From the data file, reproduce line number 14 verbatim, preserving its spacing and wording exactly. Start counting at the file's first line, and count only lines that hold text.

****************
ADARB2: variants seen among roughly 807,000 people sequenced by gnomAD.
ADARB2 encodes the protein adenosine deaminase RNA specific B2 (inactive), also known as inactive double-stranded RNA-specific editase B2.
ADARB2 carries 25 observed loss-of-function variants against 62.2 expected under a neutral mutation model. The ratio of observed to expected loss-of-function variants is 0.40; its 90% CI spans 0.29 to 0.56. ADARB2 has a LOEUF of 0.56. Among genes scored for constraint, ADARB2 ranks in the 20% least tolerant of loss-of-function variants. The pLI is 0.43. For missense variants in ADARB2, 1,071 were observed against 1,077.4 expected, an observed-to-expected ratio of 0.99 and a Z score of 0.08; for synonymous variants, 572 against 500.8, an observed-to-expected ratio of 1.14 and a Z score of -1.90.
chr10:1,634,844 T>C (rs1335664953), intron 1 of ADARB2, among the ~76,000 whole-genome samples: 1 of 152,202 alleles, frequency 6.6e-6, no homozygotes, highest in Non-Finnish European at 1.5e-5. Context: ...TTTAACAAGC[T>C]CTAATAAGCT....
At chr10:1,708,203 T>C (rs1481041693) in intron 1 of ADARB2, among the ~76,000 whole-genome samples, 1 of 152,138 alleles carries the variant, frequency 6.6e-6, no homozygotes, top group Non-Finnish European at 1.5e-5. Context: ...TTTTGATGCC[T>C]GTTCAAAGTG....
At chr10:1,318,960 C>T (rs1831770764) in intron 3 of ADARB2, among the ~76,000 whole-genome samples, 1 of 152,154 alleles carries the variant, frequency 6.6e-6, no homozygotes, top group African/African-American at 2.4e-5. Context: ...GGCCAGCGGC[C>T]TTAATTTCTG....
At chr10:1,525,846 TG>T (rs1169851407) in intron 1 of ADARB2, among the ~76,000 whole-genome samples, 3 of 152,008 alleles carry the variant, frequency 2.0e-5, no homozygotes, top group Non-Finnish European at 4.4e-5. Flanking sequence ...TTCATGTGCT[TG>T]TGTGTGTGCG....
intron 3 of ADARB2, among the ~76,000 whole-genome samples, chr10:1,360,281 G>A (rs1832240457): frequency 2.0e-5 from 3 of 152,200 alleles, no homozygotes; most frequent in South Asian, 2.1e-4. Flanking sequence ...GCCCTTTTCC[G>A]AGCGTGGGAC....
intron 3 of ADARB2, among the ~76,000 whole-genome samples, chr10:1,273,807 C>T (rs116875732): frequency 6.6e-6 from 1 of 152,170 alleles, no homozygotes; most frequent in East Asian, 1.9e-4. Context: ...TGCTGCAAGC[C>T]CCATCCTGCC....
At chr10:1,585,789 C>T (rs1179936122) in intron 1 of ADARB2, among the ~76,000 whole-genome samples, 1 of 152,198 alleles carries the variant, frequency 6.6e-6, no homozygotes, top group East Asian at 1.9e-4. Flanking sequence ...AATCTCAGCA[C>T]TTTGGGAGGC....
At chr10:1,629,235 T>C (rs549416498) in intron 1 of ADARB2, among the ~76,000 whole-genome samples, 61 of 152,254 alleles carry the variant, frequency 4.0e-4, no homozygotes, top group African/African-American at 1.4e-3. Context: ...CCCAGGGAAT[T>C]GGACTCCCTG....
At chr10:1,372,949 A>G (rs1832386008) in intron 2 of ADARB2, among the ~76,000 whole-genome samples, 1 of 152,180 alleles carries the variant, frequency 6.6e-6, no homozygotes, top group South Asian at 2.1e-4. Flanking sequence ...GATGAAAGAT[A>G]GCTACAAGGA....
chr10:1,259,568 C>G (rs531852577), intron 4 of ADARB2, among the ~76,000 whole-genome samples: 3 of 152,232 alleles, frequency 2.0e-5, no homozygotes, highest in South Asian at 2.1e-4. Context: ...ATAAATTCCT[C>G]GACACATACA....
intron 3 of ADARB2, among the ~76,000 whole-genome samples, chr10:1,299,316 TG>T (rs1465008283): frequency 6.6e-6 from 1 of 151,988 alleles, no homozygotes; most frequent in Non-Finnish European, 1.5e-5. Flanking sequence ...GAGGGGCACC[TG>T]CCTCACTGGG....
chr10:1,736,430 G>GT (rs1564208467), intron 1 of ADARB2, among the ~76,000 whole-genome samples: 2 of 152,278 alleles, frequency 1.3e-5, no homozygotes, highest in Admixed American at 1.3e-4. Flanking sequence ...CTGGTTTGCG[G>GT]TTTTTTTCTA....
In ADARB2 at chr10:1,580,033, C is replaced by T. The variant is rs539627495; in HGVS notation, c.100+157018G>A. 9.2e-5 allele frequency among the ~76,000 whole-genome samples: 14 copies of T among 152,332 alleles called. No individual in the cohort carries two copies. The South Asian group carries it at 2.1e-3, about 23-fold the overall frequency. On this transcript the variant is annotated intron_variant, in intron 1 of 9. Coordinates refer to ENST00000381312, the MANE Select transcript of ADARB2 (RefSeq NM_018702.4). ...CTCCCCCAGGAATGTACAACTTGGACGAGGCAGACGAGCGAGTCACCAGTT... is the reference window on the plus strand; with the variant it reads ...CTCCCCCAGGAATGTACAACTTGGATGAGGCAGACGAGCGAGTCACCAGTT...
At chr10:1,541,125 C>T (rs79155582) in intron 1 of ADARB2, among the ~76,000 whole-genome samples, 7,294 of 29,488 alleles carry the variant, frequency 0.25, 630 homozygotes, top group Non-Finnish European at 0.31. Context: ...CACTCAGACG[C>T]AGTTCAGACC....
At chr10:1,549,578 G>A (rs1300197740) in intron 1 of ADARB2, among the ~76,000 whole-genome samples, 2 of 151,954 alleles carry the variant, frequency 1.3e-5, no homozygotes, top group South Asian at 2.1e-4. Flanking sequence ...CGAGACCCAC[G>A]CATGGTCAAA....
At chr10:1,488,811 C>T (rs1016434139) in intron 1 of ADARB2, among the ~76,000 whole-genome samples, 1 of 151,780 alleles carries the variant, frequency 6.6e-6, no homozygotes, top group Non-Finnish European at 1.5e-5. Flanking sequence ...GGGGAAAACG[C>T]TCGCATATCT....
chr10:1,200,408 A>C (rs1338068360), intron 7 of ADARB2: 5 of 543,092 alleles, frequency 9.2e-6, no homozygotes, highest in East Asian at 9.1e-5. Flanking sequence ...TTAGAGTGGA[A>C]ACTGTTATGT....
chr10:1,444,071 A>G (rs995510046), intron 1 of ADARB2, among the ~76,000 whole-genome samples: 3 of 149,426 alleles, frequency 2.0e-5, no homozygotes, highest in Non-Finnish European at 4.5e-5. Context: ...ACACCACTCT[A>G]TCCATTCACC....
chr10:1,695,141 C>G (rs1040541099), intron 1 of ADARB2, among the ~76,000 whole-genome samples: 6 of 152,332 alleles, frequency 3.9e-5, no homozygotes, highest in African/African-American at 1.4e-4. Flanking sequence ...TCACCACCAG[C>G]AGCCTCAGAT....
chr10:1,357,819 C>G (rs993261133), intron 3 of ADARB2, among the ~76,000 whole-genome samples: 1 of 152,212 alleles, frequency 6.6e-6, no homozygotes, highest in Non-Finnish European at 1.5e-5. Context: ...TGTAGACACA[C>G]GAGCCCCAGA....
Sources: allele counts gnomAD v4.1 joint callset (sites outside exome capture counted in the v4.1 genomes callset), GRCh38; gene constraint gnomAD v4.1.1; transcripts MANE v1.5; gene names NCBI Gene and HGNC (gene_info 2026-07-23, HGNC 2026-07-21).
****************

intron 3 of ADARB2, among the ~76,000 whole-genome samples, chr10:1,299,316 TG>T (rs1465008283): frequency 6.6e-6 from 1 of 151,988 alleles, no homozygotes; most frequent in Non-Finnish European, 1.5e-5. Flanking sequence ...GAGGGGCACC[TG>T]CCTCACTGGG....